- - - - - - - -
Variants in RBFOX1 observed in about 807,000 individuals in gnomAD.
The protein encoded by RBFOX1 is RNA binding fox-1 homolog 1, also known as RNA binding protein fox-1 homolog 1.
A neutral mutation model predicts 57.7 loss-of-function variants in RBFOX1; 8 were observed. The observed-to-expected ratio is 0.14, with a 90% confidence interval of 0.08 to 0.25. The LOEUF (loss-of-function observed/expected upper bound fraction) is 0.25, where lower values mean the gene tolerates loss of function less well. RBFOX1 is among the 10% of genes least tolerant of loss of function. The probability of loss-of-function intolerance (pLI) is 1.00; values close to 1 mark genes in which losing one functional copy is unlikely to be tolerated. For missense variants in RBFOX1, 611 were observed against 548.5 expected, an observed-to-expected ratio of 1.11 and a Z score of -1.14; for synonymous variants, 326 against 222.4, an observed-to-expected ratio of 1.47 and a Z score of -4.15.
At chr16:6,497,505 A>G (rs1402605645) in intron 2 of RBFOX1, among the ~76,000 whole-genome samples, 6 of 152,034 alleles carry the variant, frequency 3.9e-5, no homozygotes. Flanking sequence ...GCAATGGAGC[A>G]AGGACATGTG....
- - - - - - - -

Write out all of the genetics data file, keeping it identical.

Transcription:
Variants in RBFOX1 observed in about 807,000 individuals in gnomAD.
The protein encoded by RBFOX1 is RNA binding fox-1 homolog 1, also known as RNA binding protein fox-1 homolog 1.
A neutral mutation model predicts 57.7 loss-of-function variants in RBFOX1; 8 were observed. The observed-to-expected ratio is 0.14, with a 90% confidence interval of 0.08 to 0.25. The LOEUF (loss-of-function observed/expected upper bound fraction) is 0.25, where lower values mean the gene tolerates loss of function less well. RBFOX1 is among the 10% of genes least tolerant of loss of function. The probability of loss-of-function intolerance (pLI) is 1.00; values close to 1 mark genes in which losing one functional copy is unlikely to be tolerated. For missense variants in RBFOX1, 611 were observed against 548.5 expected, an observed-to-expected ratio of 1.11 and a Z score of -1.14; for synonymous variants, 326 against 222.4, an observed-to-expected ratio of 1.47 and a Z score of -4.15.
At chr16:6,497,505 A>G (rs1402605645) in intron 2 of RBFOX1, among the ~76,000 whole-genome samples, 6 of 152,034 alleles carry the variant, frequency 3.9e-5, no homozygotes. Flanking sequence ...GCAATGGAGC[A>G]AGGACATGTG....